• Leverage the tools we have: Most pharmaceuticals and medical devices have an auto-identification carrier (e.g., a barcode) to support electronic vs. manual capture of product information. But barcodes are only of value if you use them.
  • Invest in automation: Scanning barcodes on patients and medicines has become the standard operating practice in healthcare. It’s been proven to reduce medical errors while reducing the amount of time spent by clinicians on clerical tasks. It should be how we document the movement and use of all products across the supply chain and in-patient care.
  • Create multi-directional visibility: Many of the supply chain challenges during the pandemic were exacerbated by a lack of visibility into inventory and demand. Due to the interdependencies of the supply chain, this visibility needs to extend upstream into raw materials, downstream into forecasted demand at all locations where care is delivered and across to the sources of various supplies and products upon which supply chain operations depend.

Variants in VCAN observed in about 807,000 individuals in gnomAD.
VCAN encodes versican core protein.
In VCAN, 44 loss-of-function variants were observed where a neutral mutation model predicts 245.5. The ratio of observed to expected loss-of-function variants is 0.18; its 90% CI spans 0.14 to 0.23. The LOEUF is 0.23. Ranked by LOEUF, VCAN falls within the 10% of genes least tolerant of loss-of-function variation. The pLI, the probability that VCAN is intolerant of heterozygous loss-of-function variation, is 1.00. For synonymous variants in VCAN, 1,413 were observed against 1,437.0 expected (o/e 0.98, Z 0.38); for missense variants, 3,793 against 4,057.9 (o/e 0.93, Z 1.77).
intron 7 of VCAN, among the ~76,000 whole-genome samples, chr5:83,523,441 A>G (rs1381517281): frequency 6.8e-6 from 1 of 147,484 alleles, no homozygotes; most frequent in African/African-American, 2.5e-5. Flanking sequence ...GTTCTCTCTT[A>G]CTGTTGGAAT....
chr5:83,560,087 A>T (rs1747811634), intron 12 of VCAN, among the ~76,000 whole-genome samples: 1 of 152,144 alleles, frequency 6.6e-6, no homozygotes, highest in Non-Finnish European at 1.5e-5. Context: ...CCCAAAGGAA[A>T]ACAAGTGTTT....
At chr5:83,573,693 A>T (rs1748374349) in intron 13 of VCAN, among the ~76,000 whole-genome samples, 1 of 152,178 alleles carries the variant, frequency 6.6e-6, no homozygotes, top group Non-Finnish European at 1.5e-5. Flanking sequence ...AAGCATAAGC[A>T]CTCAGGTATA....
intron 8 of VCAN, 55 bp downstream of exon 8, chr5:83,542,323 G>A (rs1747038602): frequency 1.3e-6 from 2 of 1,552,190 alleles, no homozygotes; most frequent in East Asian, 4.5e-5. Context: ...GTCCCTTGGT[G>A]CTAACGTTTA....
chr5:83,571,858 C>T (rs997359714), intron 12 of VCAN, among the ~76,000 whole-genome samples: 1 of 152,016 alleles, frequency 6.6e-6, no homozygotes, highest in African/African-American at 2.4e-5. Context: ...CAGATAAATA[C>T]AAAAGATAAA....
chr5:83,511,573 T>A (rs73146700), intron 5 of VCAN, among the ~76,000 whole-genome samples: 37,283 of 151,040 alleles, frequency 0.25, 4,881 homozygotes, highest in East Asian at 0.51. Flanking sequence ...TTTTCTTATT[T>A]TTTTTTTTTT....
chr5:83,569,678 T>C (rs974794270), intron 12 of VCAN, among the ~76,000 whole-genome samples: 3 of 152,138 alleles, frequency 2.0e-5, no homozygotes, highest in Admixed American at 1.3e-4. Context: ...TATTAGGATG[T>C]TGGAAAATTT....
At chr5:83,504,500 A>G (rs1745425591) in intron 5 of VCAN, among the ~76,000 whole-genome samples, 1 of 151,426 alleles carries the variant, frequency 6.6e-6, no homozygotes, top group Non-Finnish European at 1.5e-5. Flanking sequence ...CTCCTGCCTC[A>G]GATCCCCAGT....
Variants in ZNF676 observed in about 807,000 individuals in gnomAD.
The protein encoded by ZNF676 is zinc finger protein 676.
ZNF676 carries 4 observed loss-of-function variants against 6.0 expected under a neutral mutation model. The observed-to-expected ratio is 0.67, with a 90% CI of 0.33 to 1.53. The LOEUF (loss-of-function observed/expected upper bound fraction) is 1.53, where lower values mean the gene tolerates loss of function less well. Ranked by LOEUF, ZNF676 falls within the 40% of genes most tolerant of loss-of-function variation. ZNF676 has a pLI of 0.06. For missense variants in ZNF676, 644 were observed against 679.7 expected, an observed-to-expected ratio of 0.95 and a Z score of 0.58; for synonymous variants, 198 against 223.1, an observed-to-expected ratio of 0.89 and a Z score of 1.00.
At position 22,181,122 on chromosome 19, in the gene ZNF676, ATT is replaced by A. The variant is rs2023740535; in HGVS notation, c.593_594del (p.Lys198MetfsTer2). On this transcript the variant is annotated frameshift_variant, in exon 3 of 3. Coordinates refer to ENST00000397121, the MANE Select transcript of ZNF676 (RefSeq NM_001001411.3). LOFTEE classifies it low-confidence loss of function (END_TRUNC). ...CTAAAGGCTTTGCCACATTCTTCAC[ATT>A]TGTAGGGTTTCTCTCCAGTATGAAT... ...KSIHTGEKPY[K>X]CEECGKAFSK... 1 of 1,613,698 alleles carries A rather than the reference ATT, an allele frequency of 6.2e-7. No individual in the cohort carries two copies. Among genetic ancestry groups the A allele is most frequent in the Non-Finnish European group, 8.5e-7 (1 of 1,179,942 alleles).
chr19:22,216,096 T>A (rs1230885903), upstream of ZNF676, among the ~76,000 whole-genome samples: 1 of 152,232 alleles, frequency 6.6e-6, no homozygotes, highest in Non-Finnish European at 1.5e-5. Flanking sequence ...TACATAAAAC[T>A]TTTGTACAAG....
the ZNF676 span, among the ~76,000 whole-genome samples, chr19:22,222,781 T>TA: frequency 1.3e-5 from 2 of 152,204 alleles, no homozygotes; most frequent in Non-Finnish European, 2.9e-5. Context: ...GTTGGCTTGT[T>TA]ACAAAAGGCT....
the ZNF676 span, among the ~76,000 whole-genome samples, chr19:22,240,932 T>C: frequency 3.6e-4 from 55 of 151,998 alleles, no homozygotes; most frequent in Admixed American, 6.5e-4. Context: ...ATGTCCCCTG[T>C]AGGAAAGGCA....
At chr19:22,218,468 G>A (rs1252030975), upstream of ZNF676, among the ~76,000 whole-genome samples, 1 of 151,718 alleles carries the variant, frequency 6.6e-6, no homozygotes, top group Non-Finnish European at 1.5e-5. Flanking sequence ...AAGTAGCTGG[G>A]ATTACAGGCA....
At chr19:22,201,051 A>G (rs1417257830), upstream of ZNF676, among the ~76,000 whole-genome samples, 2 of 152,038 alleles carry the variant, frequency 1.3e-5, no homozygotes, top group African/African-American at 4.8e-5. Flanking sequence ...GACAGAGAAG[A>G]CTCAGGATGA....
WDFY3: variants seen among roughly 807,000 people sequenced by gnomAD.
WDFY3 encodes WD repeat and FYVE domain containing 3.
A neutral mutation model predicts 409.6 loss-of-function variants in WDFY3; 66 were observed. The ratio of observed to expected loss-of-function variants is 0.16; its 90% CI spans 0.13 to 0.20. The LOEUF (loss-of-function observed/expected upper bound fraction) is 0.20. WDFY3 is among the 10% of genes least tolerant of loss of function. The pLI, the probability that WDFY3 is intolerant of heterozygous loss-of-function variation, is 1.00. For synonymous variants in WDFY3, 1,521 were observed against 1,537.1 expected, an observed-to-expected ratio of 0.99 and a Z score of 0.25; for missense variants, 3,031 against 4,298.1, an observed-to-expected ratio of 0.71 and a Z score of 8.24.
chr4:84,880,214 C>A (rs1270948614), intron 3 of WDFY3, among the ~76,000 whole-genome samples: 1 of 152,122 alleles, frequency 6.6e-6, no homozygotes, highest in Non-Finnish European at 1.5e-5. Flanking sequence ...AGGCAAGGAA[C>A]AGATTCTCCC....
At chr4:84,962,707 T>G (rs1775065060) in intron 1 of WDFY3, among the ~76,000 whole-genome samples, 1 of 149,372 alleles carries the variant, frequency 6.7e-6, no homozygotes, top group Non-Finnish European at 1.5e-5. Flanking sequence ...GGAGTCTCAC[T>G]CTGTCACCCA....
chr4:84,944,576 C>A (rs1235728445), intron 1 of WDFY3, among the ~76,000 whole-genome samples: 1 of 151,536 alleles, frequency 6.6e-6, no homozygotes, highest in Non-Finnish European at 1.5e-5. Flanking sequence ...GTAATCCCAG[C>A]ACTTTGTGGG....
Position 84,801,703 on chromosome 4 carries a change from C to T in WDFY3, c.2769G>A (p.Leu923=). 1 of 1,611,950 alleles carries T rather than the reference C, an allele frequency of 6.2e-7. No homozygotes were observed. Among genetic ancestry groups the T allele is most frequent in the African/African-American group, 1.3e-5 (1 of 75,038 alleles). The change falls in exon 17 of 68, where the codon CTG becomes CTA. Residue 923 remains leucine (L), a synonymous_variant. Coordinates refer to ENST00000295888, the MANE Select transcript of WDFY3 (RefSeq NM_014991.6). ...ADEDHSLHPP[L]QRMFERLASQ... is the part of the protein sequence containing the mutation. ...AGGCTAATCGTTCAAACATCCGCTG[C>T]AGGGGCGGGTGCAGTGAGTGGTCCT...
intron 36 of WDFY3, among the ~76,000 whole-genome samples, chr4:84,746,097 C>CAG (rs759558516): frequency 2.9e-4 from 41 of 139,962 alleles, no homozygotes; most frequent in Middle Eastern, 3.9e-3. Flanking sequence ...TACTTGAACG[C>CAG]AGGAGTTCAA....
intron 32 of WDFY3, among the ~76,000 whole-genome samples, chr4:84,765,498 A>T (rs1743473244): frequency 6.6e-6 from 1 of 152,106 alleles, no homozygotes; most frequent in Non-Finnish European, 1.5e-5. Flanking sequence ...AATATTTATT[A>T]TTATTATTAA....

• Call on the experts: When meeting critical supply chain challenges, call on the experience and expertise of supply chain professionals working every day in hospitals across the nation. These experts often manage spend that rivals that of major corporations and facilitate the sourcing and delivery of a wide range of products to meet their patient population’s various health needs. They know healthcare, they know how to implement an adaptable supply chain and they know the communities they serve.

Here in the UK, we’ve seen the incredible effects a successful vaccine rollout can have on reducing the severity and mortality of COVID-19. It’s critical now, as the world hopes to open back up following over a year and a half of restrictions, that we replicate the vaccine success across the rest of the world. That starts with an adaptable supply chain that learns lessons from the pandemic and applies this learning to help meet the challenges of supporting a global vaccination programme.


Article sourced from: https://thejournalofmhealth.com/ending-the-global-pandemic-starts-with-an-adaptable-supply-chain/
Published on: 16.08.21